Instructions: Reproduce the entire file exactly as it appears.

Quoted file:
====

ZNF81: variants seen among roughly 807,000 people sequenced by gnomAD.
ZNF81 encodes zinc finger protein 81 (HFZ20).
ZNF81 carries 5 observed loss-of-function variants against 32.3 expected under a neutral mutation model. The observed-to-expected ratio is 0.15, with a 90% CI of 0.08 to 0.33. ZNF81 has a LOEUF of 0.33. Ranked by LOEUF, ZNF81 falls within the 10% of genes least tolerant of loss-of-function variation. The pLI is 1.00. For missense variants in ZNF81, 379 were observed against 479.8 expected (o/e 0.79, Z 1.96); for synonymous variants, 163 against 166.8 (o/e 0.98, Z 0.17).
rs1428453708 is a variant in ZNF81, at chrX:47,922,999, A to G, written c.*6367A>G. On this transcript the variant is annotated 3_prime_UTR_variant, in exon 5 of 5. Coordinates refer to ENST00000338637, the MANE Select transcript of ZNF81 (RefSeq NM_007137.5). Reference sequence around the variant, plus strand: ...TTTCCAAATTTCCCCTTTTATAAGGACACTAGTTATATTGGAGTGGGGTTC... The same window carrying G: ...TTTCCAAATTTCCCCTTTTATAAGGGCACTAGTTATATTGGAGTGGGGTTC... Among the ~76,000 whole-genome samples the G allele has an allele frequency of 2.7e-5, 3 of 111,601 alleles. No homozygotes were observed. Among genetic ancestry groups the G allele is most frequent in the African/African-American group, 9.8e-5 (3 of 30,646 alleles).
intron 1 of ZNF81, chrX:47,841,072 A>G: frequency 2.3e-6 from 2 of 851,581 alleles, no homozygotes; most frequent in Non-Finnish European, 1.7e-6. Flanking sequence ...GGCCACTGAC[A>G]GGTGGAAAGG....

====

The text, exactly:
ZNF81: variants seen among roughly 807,000 people sequenced by gnomAD.
ZNF81 encodes zinc finger protein 81 (HFZ20).
ZNF81 carries 5 observed loss-of-function variants against 32.3 expected under a neutral mutation model. The observed-to-expected ratio is 0.15, with a 90% CI of 0.08 to 0.33. ZNF81 has a LOEUF of 0.33. Ranked by LOEUF, ZNF81 falls within the 10% of genes least tolerant of loss-of-function variation. The pLI is 1.00. For missense variants in ZNF81, 379 were observed against 479.8 expected (o/e 0.79, Z 1.96); for synonymous variants, 163 against 166.8 (o/e 0.98, Z 0.17).
rs1428453708 is a variant in ZNF81, at chrX:47,922,999, A to G, written c.*6367A>G. On this transcript the variant is annotated 3_prime_UTR_variant, in exon 5 of 5. Coordinates refer to ENST00000338637, the MANE Select transcript of ZNF81 (RefSeq NM_007137.5). Reference sequence around the variant, plus strand: ...TTTCCAAATTTCCCCTTTTATAAGGACACTAGTTATATTGGAGTGGGGTTC... The same window carrying G: ...TTTCCAAATTTCCCCTTTTATAAGGGCACTAGTTATATTGGAGTGGGGTTC... Among the ~76,000 whole-genome samples the G allele has an allele frequency of 2.7e-5, 3 of 111,601 alleles. No homozygotes were observed. Among genetic ancestry groups the G allele is most frequent in the African/African-American group, 9.8e-5 (3 of 30,646 alleles).
intron 1 of ZNF81, chrX:47,841,072 A>G: frequency 2.3e-6 from 2 of 851,581 alleles, no homozygotes; most frequent in Non-Finnish European, 1.7e-6. Flanking sequence ...GGCCACTGAC[A>G]GGTGGAAAGG....